Grass growth and maintenance is an important part of being a home owner, and in these environmentally conscience times, low-impact maintenance is important. Understanding the way grass grows, and how to properly take care of your lawn to promote lush growth, will prevent the development of disease and cultivate a grass that needs less chemical control to reduce insect infestation and reduce fertilizer requirements.
According to Ohio State University, the fertilization of your lawn is one of the most important aspects of lawn maintenance. Nitrogen is essential to the growth of a healthy, green, lush lawn. On the down side, excessive nitrogen causes top growth in grass, weakening the lower part of the lawn and trapping moisture, causing disease. Ohio State University suggests fertilizing in August or September, or in the late fall in October, November or December. Nitrogen application at a rate of 1 lb. per 1,000 square feet, every eight to 10 weeks, is adequate.
Mowing grass is more than simply cutting the plant whenever you feel like it. According to the University of Missouri, grass requires cutting according to the rule of thirds--that only 1/3 of the grass requires cutting at a time. This keeps fungi from developing and other diseases from attacking weakened grass. Sharp mower blades prevent wounds on the grass that heal slowly. The University of Missouri suggests keeping grass at a length of 3 to 4 inches to prevent disease and increase grass density.
One side effect of grass mowing is a fine layer of grass clippings collecting on the soil of the lawn, intermingling with the green grass. This decaying layer is called thatch. A thin layer of thatch composed of grass clippings decomposes quickly, as it is composed mainly of water, but grass roots and crowns decompose slowly, which makes fertilization less effective. A thick layer of thatch requires removal using a thatching rake or de-thaching mower accessory. Aerating the lawn will decrease thatch as well.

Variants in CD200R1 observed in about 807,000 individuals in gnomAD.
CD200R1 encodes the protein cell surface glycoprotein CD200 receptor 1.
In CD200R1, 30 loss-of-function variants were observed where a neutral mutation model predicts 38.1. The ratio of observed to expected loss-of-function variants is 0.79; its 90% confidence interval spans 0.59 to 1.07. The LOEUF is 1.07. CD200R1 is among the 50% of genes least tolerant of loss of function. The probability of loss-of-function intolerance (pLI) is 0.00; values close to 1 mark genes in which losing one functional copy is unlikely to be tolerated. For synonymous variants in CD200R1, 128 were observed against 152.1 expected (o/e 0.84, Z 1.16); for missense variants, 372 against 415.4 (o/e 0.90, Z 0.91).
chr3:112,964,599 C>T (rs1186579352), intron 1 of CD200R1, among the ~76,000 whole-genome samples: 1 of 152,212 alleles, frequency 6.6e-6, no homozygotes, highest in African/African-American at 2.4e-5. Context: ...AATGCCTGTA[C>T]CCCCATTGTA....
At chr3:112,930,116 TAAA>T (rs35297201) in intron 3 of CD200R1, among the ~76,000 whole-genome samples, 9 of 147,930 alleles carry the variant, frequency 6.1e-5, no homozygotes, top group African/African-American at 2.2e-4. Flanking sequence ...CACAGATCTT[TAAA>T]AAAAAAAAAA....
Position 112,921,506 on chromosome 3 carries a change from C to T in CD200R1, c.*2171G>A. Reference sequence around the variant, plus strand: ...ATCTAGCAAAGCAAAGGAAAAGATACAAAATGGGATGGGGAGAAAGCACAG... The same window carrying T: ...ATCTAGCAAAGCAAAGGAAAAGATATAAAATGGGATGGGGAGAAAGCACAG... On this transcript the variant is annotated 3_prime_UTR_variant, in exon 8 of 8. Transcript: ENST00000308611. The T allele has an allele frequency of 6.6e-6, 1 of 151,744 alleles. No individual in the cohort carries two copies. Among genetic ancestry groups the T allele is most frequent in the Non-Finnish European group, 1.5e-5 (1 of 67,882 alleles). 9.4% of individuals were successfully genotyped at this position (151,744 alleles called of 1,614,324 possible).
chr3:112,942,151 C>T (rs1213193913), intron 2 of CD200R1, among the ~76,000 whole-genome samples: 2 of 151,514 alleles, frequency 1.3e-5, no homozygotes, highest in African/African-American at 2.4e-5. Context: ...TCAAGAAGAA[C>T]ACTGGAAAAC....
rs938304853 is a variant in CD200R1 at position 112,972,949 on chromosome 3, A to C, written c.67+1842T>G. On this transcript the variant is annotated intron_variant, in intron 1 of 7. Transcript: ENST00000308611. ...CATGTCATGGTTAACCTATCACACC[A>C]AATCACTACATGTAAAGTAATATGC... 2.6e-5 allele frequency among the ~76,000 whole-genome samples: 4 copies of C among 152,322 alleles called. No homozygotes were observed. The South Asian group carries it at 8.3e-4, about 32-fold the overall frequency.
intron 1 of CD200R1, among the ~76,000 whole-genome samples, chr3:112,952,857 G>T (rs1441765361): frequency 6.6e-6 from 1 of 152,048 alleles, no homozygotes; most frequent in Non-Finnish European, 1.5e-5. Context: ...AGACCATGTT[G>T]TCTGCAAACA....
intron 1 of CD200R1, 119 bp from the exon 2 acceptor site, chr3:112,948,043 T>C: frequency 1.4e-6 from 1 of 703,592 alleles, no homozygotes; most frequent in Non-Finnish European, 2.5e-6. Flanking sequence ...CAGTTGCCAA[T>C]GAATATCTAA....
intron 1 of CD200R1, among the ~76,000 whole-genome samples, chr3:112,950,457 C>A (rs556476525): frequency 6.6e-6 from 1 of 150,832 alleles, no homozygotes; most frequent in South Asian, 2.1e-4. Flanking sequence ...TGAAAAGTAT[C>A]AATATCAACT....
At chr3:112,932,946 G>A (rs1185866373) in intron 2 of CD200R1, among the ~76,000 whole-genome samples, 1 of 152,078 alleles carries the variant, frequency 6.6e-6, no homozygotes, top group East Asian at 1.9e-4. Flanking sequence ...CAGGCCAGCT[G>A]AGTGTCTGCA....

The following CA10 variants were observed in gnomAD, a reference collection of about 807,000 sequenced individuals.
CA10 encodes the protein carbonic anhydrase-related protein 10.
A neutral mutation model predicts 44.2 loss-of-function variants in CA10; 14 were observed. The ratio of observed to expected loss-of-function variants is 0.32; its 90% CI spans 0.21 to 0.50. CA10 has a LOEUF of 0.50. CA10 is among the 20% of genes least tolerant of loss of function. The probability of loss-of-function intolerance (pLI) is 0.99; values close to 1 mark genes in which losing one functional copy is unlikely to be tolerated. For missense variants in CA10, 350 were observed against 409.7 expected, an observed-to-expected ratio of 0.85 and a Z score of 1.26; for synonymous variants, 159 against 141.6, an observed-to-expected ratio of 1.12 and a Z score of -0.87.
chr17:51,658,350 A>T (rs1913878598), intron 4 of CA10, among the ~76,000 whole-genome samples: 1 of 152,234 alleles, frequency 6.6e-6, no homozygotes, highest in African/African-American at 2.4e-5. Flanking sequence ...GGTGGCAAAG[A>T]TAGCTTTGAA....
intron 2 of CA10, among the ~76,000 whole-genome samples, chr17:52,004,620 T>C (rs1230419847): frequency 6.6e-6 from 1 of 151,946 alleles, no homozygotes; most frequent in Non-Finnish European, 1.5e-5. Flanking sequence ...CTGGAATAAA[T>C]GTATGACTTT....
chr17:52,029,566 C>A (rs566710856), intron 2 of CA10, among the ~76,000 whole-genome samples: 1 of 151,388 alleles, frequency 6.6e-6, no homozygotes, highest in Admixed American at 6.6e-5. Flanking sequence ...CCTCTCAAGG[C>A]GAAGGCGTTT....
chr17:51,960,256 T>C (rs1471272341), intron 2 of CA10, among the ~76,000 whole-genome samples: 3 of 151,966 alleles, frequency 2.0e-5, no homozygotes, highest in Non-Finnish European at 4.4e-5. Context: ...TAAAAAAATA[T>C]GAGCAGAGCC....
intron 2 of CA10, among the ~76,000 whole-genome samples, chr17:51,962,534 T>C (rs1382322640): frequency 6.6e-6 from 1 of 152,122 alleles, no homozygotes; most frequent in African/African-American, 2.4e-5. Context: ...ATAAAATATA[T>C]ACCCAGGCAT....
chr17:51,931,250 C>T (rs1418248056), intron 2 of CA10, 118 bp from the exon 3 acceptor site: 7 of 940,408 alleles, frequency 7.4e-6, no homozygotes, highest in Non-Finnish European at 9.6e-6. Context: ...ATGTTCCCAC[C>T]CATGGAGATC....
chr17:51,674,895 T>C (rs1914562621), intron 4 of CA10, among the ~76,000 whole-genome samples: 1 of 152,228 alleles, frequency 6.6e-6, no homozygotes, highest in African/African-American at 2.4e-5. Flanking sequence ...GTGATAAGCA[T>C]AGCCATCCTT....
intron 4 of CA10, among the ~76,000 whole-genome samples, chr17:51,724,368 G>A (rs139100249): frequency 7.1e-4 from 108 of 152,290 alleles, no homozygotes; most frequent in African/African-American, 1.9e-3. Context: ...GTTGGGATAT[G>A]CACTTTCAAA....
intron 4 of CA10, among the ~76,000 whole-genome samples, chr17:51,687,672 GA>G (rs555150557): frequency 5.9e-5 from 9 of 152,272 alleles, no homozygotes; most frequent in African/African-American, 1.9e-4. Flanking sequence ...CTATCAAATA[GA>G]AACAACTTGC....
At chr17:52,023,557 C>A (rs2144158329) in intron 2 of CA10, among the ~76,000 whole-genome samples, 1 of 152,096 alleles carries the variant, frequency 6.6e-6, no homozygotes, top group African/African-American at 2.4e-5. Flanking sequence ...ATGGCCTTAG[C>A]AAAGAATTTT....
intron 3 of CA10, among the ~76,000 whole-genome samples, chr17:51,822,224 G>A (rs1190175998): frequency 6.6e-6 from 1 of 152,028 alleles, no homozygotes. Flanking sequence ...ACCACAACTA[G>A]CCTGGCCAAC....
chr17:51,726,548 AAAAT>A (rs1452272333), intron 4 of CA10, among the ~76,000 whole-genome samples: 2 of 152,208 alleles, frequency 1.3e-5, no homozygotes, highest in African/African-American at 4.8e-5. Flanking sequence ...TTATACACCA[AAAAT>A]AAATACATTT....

Aeration is the practice of removing plugs of dirt from the lawn to increase airflow and drainage in compacted soil. Water and nutrients move better through the soil after aeration. Soil plugs from the aeration process return to the soil from which they came, broken up and loose, or fall into the thatch and decompose it. The University of Minnesota suggests that clay soil may need two aeration passes a year, in March and September, while other soils will need one in September. Aeration is done using a mower attachment, a special aeration machine, or using a hand aeration tool.
Over-seeding is a method of increasing grass thickness and providing weed control to the lawn. Cold-season grass seed is applied to the lawn in September to encourage turf grass growth throughout the winter. This increases the thickness of the grass, which may have thinned during the heat of the summer months. The University of Minnesota suggests over-seeding at a rate of 3.5 to 4.5 lbs. of seed per 1,000 square feet. The soil requires steady moisture during the first several weeks until the seeds germinate in the lawn.